Data that can be collected through the systems range from average vehicle speeds and vehicles counts, through to flood and air quality as well as noise pollution. This, alongside the primary use of the signage and technology, can not only allow ageing infrastructure to continue being used, but also more closely monitored and used to help shape the area around it.
One example of this is recent work by TWM with the City of Edinburgh and Aberdeenshire Councils to create school safe zones, which built on previous work involving the two local authorities to provide additional safety systems onto access roads and crossings near schools which eventually evolved into the creation of streets entirely closed to traffic during certain hours.
The clear signage, featuring LED lighting and clear instructions, ensures drivers know streets are closed off during certain hours – meaning parents and children can have peace of mind, without major infrastructure changes being required to create safer routes.
Similarly, in Aberdeenshire the firm was called upon to increase the safety around a crossing which Chris said had received a lot of reports of cars having near misses with pedestrians. Drivers had stated they did not see the crossing when questioned. TWM utilised its DayBright solution, which is an enhanced LED Belisha Beacon halo with illuminated runners. Chris explained that it makes drivers aware ‘well in advance’, with the company describing it as having ‘exceptional’ daylight illumination and retrofittable not requiring any civil/excavation works.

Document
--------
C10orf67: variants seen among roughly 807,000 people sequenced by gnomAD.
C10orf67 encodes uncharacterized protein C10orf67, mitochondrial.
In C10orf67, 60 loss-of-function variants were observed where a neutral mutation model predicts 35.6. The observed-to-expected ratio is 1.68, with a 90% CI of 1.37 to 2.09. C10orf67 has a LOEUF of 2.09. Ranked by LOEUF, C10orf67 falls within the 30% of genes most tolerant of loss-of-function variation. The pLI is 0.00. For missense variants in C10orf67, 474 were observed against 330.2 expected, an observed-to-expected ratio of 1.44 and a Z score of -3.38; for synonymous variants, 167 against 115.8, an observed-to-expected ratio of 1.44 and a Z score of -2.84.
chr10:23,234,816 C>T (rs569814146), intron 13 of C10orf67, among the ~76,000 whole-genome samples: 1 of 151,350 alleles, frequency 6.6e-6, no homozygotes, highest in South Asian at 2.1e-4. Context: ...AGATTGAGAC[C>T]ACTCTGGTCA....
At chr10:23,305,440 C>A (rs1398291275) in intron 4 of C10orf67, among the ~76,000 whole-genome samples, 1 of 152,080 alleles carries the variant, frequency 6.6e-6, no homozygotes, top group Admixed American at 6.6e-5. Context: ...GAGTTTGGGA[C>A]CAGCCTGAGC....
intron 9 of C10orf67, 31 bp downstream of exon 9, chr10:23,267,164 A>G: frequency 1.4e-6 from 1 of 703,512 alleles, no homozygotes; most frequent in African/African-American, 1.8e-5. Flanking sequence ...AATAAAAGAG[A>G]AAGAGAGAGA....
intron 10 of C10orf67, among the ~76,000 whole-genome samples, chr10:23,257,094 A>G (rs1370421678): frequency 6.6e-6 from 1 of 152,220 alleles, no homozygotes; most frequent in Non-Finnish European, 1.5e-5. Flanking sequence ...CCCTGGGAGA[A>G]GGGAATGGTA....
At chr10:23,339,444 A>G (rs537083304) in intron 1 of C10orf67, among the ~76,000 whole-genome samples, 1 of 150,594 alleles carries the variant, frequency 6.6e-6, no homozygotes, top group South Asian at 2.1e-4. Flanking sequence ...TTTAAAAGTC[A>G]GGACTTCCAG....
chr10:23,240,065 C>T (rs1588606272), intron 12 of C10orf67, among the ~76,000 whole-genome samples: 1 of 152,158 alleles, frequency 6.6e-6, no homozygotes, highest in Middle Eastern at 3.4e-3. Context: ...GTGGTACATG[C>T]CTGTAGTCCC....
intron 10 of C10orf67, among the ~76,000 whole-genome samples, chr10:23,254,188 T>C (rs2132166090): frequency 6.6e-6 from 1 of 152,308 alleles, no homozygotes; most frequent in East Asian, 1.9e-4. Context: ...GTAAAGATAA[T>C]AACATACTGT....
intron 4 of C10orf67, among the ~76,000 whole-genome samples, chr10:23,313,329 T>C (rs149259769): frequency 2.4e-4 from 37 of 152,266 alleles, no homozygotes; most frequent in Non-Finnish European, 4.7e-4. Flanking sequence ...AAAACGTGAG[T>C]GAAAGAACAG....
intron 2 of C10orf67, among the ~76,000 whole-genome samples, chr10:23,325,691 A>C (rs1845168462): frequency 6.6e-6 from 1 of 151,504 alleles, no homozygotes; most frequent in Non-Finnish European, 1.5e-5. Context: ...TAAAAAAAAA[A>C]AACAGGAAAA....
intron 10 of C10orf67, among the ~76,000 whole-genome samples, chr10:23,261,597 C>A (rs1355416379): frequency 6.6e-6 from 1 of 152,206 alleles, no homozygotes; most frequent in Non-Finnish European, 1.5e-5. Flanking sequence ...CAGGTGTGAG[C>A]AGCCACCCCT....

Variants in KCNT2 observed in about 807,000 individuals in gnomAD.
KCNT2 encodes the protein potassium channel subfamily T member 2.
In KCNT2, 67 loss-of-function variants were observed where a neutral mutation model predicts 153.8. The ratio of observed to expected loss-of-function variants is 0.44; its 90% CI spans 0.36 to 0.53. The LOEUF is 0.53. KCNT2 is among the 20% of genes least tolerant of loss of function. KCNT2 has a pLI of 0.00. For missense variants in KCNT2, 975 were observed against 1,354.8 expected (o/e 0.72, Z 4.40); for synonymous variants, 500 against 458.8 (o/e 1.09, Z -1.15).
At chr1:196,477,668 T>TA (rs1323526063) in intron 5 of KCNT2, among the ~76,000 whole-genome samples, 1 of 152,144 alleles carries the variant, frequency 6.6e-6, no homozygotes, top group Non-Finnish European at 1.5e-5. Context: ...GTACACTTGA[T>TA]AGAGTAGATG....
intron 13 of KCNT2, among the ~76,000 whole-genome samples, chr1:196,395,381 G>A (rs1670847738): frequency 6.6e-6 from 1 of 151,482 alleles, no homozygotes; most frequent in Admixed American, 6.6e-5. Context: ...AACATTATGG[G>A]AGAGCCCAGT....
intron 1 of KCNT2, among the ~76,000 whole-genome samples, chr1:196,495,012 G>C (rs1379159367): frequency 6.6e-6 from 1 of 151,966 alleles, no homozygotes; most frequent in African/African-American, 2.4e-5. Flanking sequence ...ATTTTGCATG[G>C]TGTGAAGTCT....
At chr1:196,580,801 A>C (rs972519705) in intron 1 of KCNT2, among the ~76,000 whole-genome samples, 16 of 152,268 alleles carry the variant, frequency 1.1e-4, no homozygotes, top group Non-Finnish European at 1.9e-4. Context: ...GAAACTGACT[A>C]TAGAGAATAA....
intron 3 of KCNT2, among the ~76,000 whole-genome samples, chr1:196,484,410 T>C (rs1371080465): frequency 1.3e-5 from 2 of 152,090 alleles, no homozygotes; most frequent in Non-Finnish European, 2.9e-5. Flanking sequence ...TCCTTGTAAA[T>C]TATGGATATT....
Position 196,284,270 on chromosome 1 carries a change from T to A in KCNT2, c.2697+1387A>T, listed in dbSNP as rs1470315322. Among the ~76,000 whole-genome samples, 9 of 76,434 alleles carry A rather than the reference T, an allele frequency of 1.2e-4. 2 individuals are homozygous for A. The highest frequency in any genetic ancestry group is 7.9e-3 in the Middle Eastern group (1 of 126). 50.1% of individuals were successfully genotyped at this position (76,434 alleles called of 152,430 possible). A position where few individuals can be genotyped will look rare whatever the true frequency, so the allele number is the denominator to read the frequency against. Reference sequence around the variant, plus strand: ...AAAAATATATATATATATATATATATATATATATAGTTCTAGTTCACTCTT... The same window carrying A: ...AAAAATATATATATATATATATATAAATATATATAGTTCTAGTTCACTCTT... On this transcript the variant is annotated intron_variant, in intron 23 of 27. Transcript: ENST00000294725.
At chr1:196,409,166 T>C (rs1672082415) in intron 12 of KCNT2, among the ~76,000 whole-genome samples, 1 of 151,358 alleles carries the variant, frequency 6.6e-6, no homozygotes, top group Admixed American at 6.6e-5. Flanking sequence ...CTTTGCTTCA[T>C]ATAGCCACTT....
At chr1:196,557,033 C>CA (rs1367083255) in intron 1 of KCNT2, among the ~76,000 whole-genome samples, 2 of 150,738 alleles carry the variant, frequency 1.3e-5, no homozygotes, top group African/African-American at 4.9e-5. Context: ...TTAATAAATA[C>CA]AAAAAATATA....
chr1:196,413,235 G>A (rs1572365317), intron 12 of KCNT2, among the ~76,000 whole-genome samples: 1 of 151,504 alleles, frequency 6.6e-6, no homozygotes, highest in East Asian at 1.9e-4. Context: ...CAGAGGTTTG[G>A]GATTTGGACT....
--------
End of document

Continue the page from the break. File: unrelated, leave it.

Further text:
TWM has a team culture to engage with the local communities near sites they are working on, so as to ensure the technology being installed doesn’t just become ‘part of the furniture’ and its influence is instead understood by locals.
“Our mission is about protecting and educating the general public and whether that be on educating them on technology or where we’re trying to head from a net zero point of view, it’s all about making a difference going forward,” Chris added. “There’s a lot of change going on in the industry and we want to be at the forefront of that and be seen to be making a difference for people’s futures – little things that we all do now will be massive for the future.”
Moving forward, Chris said that the firm has aspirations to continue building on its portfolio of work in Scotland. TWM sees the potential of the Scottish market and is looking to develop further relationships across the country.
“The belief (that it’s a closed market) couldn’t be further from the truth,” he added. “Not only is Scotland a thriving market, but it is also very open to innovation and being leaders in the ambitions it promotes (such as net zero).
“Our technical director, Stewart Hill, and BDM, Robert Scrafton, are from Glasgow and Fife respectively, so they have a natural affinity to assisting improvements in their homeland. For me personally, I’m Newcastle-based and I love going north of the border because you always get a warm welcome and people are genuinely interested in what we’re trying to do.”